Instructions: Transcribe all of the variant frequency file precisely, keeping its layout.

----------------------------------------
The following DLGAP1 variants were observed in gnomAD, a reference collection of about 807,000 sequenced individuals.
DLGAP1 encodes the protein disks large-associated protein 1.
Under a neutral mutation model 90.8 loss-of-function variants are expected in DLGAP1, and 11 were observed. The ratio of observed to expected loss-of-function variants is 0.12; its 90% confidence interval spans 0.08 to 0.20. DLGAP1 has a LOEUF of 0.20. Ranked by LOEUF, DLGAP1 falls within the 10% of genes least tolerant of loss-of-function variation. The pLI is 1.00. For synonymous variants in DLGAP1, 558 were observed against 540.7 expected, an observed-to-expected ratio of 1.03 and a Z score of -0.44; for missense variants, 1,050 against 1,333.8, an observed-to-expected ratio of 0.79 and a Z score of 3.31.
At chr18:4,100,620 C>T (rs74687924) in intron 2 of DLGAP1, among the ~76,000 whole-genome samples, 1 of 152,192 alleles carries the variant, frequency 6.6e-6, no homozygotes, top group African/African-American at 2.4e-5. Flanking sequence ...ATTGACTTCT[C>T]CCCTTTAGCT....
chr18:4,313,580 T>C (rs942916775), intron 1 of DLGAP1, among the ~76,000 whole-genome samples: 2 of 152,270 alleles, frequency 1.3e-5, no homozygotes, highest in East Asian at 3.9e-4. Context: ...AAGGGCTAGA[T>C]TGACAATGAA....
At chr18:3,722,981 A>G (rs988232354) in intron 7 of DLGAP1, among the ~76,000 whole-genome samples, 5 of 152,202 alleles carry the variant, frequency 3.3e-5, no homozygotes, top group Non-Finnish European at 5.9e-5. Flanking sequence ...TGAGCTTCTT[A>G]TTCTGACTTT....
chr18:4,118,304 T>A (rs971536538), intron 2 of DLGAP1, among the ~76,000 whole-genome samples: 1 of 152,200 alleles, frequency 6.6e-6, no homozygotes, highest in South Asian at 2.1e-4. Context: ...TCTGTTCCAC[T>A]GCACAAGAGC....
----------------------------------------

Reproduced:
The following DLGAP1 variants were observed in gnomAD, a reference collection of about 807,000 sequenced individuals.
DLGAP1 encodes the protein disks large-associated protein 1.
Under a neutral mutation model 90.8 loss-of-function variants are expected in DLGAP1, and 11 were observed. The ratio of observed to expected loss-of-function variants is 0.12; its 90% confidence interval spans 0.08 to 0.20. DLGAP1 has a LOEUF of 0.20. Ranked by LOEUF, DLGAP1 falls within the 10% of genes least tolerant of loss-of-function variation. The pLI is 1.00. For synonymous variants in DLGAP1, 558 were observed against 540.7 expected, an observed-to-expected ratio of 1.03 and a Z score of -0.44; for missense variants, 1,050 against 1,333.8, an observed-to-expected ratio of 0.79 and a Z score of 3.31.
At chr18:4,100,620 C>T (rs74687924) in intron 2 of DLGAP1, among the ~76,000 whole-genome samples, 1 of 152,192 alleles carries the variant, frequency 6.6e-6, no homozygotes, top group African/African-American at 2.4e-5. Flanking sequence ...ATTGACTTCT[C>T]CCCTTTAGCT....
chr18:4,313,580 T>C (rs942916775), intron 1 of DLGAP1, among the ~76,000 whole-genome samples: 2 of 152,270 alleles, frequency 1.3e-5, no homozygotes, highest in East Asian at 3.9e-4. Context: ...AAGGGCTAGA[T>C]TGACAATGAA....
At chr18:3,722,981 A>G (rs988232354) in intron 7 of DLGAP1, among the ~76,000 whole-genome samples, 5 of 152,202 alleles carry the variant, frequency 3.3e-5, no homozygotes, top group Non-Finnish European at 5.9e-5. Flanking sequence ...TGAGCTTCTT[A>G]TTCTGACTTT....
chr18:4,118,304 T>A (rs971536538), intron 2 of DLGAP1, among the ~76,000 whole-genome samples: 1 of 152,200 alleles, frequency 6.6e-6, no homozygotes, highest in South Asian at 2.1e-4. Context: ...TCTGTTCCAC[T>A]GCACAAGAGC....